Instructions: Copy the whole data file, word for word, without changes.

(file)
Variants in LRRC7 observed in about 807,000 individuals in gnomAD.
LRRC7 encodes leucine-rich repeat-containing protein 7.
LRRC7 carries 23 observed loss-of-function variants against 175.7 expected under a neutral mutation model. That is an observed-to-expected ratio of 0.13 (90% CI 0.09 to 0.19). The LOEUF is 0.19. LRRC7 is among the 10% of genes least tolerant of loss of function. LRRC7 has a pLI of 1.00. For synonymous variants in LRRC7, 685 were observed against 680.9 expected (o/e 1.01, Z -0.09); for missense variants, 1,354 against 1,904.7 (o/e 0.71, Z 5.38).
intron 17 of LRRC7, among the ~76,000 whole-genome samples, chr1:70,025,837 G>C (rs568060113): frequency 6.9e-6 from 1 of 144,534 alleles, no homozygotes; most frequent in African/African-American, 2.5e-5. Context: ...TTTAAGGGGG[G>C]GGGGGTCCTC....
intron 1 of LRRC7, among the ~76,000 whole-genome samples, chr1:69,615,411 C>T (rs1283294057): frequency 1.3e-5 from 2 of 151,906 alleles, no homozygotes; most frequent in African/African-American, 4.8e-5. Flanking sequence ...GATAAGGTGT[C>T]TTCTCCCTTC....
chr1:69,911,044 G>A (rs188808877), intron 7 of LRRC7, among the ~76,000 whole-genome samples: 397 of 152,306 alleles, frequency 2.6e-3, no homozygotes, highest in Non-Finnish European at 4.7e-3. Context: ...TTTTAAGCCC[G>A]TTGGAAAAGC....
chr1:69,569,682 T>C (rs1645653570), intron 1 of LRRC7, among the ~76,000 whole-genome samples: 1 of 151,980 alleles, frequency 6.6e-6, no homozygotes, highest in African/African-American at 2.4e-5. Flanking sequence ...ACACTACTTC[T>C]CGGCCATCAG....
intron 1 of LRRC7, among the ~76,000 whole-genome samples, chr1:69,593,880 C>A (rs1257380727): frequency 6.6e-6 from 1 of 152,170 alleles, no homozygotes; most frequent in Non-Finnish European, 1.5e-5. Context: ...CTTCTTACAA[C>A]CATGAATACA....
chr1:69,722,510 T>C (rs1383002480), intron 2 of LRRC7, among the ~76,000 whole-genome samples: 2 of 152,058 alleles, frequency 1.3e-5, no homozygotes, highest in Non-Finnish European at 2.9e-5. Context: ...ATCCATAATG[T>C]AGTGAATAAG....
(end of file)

Variants in LRRC7 observed in about 807,000 individuals in gnomAD.
LRRC7 encodes leucine-rich repeat-containing protein 7.
LRRC7 carries 23 observed loss-of-function variants against 175.7 expected under a neutral mutation model. That is an observed-to-expected ratio of 0.13 (90% CI 0.09 to 0.19). The LOEUF is 0.19. LRRC7 is among the 10% of genes least tolerant of loss of function. LRRC7 has a pLI of 1.00. For synonymous variants in LRRC7, 685 were observed against 680.9 expected (o/e 1.01, Z -0.09); for missense variants, 1,354 against 1,904.7 (o/e 0.71, Z 5.38).
intron 17 of LRRC7, among the ~76,000 whole-genome samples, chr1:70,025,837 G>C (rs568060113): frequency 6.9e-6 from 1 of 144,534 alleles, no homozygotes; most frequent in African/African-American, 2.5e-5. Context: ...TTTAAGGGGG[G>C]GGGGGTCCTC....
intron 1 of LRRC7, among the ~76,000 whole-genome samples, chr1:69,615,411 C>T (rs1283294057): frequency 1.3e-5 from 2 of 151,906 alleles, no homozygotes; most frequent in African/African-American, 4.8e-5. Flanking sequence ...GATAAGGTGT[C>T]TTCTCCCTTC....
chr1:69,911,044 G>A (rs188808877), intron 7 of LRRC7, among the ~76,000 whole-genome samples: 397 of 152,306 alleles, frequency 2.6e-3, no homozygotes, highest in Non-Finnish European at 4.7e-3. Context: ...TTTTAAGCCC[G>A]TTGGAAAAGC....
chr1:69,569,682 T>C (rs1645653570), intron 1 of LRRC7, among the ~76,000 whole-genome samples: 1 of 151,980 alleles, frequency 6.6e-6, no homozygotes, highest in African/African-American at 2.4e-5. Flanking sequence ...ACACTACTTC[T>C]CGGCCATCAG....
intron 1 of LRRC7, among the ~76,000 whole-genome samples, chr1:69,593,880 C>A (rs1257380727): frequency 6.6e-6 from 1 of 152,170 alleles, no homozygotes; most frequent in Non-Finnish European, 1.5e-5. Context: ...CTTCTTACAA[C>A]CATGAATACA....
chr1:69,722,510 T>C (rs1383002480), intron 2 of LRRC7, among the ~76,000 whole-genome samples: 2 of 152,058 alleles, frequency 1.3e-5, no homozygotes, highest in Non-Finnish European at 2.9e-5. Context: ...ATCCATAATG[T>C]AGTGAATAAG....